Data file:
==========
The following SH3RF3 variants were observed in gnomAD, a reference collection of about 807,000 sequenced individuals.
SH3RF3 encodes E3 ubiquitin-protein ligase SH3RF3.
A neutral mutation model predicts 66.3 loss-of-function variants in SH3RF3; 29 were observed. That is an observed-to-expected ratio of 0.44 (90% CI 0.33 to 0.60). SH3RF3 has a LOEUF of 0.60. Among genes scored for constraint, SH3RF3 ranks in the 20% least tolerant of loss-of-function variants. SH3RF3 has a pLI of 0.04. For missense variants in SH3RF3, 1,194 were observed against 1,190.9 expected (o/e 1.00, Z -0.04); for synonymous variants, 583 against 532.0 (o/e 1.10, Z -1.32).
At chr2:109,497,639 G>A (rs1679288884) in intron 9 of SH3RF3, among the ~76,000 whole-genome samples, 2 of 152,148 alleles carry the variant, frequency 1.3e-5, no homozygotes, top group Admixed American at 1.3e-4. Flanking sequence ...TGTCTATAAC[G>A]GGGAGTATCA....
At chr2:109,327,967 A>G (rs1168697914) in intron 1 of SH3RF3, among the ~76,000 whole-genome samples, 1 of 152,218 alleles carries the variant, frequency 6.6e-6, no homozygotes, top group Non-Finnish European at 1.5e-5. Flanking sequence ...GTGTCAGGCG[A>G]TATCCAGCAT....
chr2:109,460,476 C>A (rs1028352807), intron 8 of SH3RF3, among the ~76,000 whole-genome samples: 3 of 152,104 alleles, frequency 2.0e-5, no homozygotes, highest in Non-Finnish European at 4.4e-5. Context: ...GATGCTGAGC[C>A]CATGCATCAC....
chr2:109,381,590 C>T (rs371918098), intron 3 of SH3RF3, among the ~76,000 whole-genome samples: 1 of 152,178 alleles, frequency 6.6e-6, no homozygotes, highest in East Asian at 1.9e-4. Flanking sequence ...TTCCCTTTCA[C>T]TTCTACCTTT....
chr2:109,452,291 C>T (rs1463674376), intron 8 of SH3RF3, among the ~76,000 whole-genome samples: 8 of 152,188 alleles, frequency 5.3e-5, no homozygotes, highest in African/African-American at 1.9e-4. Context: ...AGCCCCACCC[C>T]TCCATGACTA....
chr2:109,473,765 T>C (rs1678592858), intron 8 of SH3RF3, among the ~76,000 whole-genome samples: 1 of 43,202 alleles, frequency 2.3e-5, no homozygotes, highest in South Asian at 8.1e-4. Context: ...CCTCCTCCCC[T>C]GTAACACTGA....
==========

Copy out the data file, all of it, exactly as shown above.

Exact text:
The following SH3RF3 variants were observed in gnomAD, a reference collection of about 807,000 sequenced individuals.
SH3RF3 encodes E3 ubiquitin-protein ligase SH3RF3.
A neutral mutation model predicts 66.3 loss-of-function variants in SH3RF3; 29 were observed. That is an observed-to-expected ratio of 0.44 (90% CI 0.33 to 0.60). SH3RF3 has a LOEUF of 0.60. Among genes scored for constraint, SH3RF3 ranks in the 20% least tolerant of loss-of-function variants. SH3RF3 has a pLI of 0.04. For missense variants in SH3RF3, 1,194 were observed against 1,190.9 expected (o/e 1.00, Z -0.04); for synonymous variants, 583 against 532.0 (o/e 1.10, Z -1.32).
At chr2:109,497,639 G>A (rs1679288884) in intron 9 of SH3RF3, among the ~76,000 whole-genome samples, 2 of 152,148 alleles carry the variant, frequency 1.3e-5, no homozygotes, top group Admixed American at 1.3e-4. Flanking sequence ...TGTCTATAAC[G>A]GGGAGTATCA....
At chr2:109,327,967 A>G (rs1168697914) in intron 1 of SH3RF3, among the ~76,000 whole-genome samples, 1 of 152,218 alleles carries the variant, frequency 6.6e-6, no homozygotes, top group Non-Finnish European at 1.5e-5. Flanking sequence ...GTGTCAGGCG[A>G]TATCCAGCAT....
chr2:109,460,476 C>A (rs1028352807), intron 8 of SH3RF3, among the ~76,000 whole-genome samples: 3 of 152,104 alleles, frequency 2.0e-5, no homozygotes, highest in Non-Finnish European at 4.4e-5. Context: ...GATGCTGAGC[C>A]CATGCATCAC....
chr2:109,381,590 C>T (rs371918098), intron 3 of SH3RF3, among the ~76,000 whole-genome samples: 1 of 152,178 alleles, frequency 6.6e-6, no homozygotes, highest in East Asian at 1.9e-4. Flanking sequence ...TTCCCTTTCA[C>T]TTCTACCTTT....
chr2:109,452,291 C>T (rs1463674376), intron 8 of SH3RF3, among the ~76,000 whole-genome samples: 8 of 152,188 alleles, frequency 5.3e-5, no homozygotes, highest in African/African-American at 1.9e-4. Context: ...AGCCCCACCC[C>T]TCCATGACTA....
chr2:109,473,765 T>C (rs1678592858), intron 8 of SH3RF3, among the ~76,000 whole-genome samples: 1 of 43,202 alleles, frequency 2.3e-5, no homozygotes, highest in South Asian at 8.1e-4. Context: ...CCTCCTCCCC[T>C]GTAACACTGA....